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Author's profile photo Dennis Thomas


Micorsoft logo_new.jpg

In September, Microsoft announced a new corporate logo. In the past, the logo for Microsoft, the corporation, always stood apart from the product line. From the disco 70s, to the Metallica 80s, to the seriously huge corporate marks which followed, the corporate logo was always distinct from product logos.


This new logo represents a departure from that strategy.

Now, the corporate logo is following the design cues of its product design and particularly its Metro design language, the graphic foundation of Windows 8. With the onset of Metro, Microsoft is finally orchestrating a simple cleandesign approach that has been missing from their products for decades, definitely learning from Apple while not exactly emulating them. We are starting to see Microsoft as a design driven company, and it makes sense that the same values that are driving their product/user experience design are now representing the company itself. Now there is no graphic difference between the corporation and the product. It’s an unusual strategy, a bit backwards perhaps; we rarely see product driving corporate identity. But Microsoft is clearly on to something with the development of Metro and I can see why they want to deploy it to update the corporate mark.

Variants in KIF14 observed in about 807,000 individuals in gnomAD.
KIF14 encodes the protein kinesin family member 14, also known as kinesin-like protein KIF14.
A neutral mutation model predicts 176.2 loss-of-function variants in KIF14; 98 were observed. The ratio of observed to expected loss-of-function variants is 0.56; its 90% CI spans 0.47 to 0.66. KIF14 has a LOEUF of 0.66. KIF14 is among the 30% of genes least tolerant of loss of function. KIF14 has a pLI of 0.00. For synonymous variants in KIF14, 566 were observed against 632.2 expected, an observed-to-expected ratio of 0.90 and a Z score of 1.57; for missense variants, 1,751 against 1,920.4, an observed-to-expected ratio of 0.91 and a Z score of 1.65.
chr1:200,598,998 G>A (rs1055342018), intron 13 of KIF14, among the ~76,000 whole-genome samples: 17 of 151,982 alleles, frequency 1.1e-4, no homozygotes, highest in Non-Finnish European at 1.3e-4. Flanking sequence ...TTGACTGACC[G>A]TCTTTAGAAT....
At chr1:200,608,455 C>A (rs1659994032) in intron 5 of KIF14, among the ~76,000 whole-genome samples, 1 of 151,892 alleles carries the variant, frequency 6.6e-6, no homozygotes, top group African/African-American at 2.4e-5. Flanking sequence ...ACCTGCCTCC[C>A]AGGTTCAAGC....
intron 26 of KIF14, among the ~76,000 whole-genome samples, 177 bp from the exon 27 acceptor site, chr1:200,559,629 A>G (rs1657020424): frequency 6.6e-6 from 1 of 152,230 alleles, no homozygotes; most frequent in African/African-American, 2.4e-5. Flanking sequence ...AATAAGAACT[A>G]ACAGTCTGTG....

So now the company and the products all use the Segoe typeface, and all share four squares arranged in a square. I keep thinking, it’s smart, it makes sense. But beyond that, it is hard to either love or hate this new logo. It’s immediately comfortable and familiar, and yes it is clean and modern, even polite. Hard to hate because it is so simple and makes so much sense. Hard to love since it is so rational that it lacks much emotion.

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